Tuesday, 4 April 2017

Social Communication?

Traditionally, novels recounted conversations and sometimes letters, maybe an occasional telegram. Now they can present pages of emails, mobile texts or tweets. In one of my jobs, we generated printed action plans for clients. A novel could comprise a succession of detailed action plans representing a character's life course and career changes.

What will technological communication look like in the Technic History? Some of it is modulated hyperwave pulses. Could brain implants generate a technological version of telepathy? What would real telepathy with a Chereionite be like?

Whatever the medium, it is all words, Anglic, Planha or Eriau, for our benefit translated into English. But how will the words have changed? Will Anglic still use the Roman alphabet? Will it, influenced by texting abbreviations, replace some letters with Arabic numerals: 2 go 2; b4; medit8? And words with letters: 4U? Will Anglic incorporate not only alien words like choth and Vach but also alien symbols? Who can say?


  1. Kaor, Paul!

    I don't understand your use of the word "compromise" in the last sentence of your first paragraph. It seems to contradict what you are trying to say.

    One of the things I regret about our times is how letter writing has so drastically declined. Emails simply can't truly replace a carefully written letter. Also, most emails will eventually DISAPPEAR. Because most of them will not be printed out. I'm sure future historians and biographers will find our times frustratingly OPAQUE, from the lack of written sources (aside from official and frequently incomplete or even SANITIZED documents).

    We do know, from mention of it in various stories, that official communications are computerized, and then copied into disks of various kinds, for transporting to other planets. The clearest example of that being in THE DAY OF THEIR RETURN, when we see Commissioner Desai scanning thru the mail from Terra.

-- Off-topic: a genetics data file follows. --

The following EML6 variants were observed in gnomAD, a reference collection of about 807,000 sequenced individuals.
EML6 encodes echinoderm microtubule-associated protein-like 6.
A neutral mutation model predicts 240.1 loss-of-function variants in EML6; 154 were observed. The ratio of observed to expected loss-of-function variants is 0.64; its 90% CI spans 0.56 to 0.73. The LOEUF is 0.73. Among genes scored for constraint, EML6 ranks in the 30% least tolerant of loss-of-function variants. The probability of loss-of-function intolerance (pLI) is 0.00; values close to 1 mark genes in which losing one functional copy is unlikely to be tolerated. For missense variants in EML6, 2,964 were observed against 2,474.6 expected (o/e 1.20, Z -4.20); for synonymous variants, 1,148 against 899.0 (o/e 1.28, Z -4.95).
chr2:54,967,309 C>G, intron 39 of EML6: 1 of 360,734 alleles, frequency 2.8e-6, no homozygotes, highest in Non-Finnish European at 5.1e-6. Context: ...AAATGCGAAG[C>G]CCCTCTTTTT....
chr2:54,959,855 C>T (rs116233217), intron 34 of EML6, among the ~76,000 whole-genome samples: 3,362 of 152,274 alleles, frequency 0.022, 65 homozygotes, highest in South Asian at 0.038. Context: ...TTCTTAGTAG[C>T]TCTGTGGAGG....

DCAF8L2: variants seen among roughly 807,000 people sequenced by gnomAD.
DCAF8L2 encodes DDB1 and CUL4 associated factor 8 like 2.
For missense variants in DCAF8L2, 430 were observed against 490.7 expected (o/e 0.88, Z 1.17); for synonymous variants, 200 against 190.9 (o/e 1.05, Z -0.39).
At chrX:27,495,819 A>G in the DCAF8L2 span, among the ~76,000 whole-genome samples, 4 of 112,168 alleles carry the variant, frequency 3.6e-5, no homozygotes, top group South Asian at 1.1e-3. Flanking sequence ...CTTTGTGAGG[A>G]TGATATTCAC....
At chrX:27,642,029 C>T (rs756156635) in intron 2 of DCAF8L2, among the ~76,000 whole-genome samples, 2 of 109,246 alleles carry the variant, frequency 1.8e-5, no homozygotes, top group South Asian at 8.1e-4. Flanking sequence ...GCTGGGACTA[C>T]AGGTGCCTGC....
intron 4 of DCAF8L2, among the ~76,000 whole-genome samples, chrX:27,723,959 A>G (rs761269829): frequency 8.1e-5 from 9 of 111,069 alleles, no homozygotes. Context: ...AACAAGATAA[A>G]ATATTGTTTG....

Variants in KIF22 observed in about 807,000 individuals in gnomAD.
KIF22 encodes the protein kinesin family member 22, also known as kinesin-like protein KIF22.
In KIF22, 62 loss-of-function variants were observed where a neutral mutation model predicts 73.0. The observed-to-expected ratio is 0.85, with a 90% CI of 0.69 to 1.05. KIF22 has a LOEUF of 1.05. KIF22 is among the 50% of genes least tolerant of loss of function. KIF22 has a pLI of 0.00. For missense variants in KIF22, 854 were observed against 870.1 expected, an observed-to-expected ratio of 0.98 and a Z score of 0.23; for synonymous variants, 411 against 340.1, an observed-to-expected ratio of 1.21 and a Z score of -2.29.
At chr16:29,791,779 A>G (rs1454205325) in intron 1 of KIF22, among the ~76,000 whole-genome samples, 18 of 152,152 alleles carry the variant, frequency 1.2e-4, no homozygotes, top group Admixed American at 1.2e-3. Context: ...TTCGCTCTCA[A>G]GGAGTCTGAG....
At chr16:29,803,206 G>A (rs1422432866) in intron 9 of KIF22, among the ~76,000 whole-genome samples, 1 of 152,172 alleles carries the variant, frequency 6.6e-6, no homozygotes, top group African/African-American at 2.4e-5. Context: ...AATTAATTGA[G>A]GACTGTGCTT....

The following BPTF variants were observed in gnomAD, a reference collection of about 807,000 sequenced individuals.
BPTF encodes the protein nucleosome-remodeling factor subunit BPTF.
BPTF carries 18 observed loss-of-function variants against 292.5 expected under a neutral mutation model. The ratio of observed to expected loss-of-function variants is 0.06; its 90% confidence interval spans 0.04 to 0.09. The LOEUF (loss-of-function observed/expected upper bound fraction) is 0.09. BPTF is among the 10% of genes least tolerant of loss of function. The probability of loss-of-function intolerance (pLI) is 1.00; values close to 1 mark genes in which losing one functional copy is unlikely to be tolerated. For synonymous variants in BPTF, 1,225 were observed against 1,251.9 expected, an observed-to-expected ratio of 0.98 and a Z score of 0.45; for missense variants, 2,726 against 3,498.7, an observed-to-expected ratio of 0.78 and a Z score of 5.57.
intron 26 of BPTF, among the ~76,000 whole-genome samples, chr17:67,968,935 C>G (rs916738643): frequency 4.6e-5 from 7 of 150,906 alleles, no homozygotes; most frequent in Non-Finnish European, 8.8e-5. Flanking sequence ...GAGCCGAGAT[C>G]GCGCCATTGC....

And we do see Poul Anderson on what a technological kind of telepathy might be like in his Maurai story "Progress."

    I see no reason not to believe that whatever our English evolves into, the Roman alphabet will be kept. Because it it is so convenient and simple to use! What I frankly fear is a possible conquest of the world by jihadist Islam and attempts to supplant all other languages and alphabets with Arabic and Arabic script.

    Assuming English transmogrifies into Anglic, I think one of the changes will be a simplification of the spelling of many words. Words like a although, though, quick, queen, quack, etc., might become "altho," "tho," "kwick," "kween," "kwack," etc. And I can imagine this Anglic incorporating non human loan words and symbols.


    1. Sean,
      Quite simple. "...compromise..." should have been "...comprise..." Now corrected. Thank you for your attention!

    2. Kaor, Paul!

      I did wonder if you meant "comprise."

      And what do you think, will our times become DARK to future generations, from lack of satisfactory written sources?


    3. Sean,
      That is one possibility. What I hope is that computers will continue to improve and that all records will be permanently preserved in that medium.

    4. These comments in ancient English will be read billions of years hence...

    5. Kaor, Paul!

      Pessimist that I am, I am no so optimistic that all that many records and non official documents will be saved from our times.

      I thin I, personally, have written more letters, and at greater length, than is now usual these days. And aside from a few persons like Poul Anderson (who replied to EVERY single one of my sometimes far too long letters) I've gotten precious few responses.

      Journals and diaries other non official sources historians and biographers love to use. BUT, the common practice these days of writing journals in computers (for those who do write diaries) makes me wonder how many will actually survive if they are not printed out.

      I have seen other persons making comments similar to what I wrote above.